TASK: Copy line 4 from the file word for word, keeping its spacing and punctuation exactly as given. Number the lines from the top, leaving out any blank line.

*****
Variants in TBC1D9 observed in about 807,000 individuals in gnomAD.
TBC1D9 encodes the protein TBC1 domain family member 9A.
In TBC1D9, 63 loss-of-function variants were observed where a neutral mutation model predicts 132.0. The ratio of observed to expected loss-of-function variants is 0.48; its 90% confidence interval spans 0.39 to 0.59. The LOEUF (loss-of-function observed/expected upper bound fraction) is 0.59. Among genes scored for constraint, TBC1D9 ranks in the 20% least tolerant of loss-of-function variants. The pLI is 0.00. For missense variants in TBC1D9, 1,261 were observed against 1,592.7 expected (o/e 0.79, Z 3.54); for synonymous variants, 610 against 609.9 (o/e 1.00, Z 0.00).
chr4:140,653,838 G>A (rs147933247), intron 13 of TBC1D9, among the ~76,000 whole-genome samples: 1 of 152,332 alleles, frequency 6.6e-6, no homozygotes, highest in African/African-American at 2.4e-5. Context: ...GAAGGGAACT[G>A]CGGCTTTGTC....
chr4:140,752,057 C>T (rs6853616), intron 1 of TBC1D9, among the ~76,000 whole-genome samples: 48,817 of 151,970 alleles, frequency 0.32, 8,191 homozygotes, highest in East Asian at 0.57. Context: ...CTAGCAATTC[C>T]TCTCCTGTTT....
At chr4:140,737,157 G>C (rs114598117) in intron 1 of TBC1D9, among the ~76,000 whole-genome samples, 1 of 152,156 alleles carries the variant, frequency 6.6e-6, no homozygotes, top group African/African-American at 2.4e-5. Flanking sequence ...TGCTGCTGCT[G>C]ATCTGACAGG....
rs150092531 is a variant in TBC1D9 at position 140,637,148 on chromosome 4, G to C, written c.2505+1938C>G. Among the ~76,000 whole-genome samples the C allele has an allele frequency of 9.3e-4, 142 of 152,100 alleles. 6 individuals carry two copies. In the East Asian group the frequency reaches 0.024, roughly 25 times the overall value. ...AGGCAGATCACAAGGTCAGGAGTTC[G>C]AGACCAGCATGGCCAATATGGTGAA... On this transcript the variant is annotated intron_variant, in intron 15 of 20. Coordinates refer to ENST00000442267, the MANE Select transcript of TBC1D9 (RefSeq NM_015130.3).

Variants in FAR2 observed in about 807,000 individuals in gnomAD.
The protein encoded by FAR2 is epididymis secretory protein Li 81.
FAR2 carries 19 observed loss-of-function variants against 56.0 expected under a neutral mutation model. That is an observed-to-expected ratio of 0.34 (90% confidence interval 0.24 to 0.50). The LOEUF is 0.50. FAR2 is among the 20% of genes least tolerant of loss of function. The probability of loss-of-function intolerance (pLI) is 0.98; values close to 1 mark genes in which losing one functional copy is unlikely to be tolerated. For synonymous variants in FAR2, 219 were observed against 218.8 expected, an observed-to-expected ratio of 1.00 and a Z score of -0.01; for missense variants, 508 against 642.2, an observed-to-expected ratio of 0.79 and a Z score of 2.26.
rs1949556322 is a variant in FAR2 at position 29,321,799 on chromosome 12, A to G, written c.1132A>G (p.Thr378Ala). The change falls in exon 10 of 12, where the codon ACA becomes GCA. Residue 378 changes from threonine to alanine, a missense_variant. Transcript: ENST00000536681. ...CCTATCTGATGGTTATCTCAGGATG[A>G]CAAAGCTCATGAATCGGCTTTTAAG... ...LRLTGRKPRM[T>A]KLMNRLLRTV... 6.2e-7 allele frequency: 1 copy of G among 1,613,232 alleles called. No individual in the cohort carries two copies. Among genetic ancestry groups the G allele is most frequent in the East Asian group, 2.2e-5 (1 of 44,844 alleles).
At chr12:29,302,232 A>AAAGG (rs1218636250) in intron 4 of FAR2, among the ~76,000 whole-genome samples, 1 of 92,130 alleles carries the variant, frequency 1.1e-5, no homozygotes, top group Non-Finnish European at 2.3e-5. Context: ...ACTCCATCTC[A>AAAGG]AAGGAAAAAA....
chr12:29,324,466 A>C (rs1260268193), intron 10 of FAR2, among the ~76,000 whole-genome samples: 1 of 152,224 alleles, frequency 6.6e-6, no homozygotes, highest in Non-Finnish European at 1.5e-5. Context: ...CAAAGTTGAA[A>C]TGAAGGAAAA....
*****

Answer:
chr4:140,653,838 G>A (rs147933247), intron 13 of TBC1D9, among the ~76,000 whole-genome samples: 1 of 152,332 alleles, frequency 6.6e-6, no homozygotes, highest in African/African-American at 2.4e-5. Context: ...GAAGGGAACT[G>A]CGGCTTTGTC....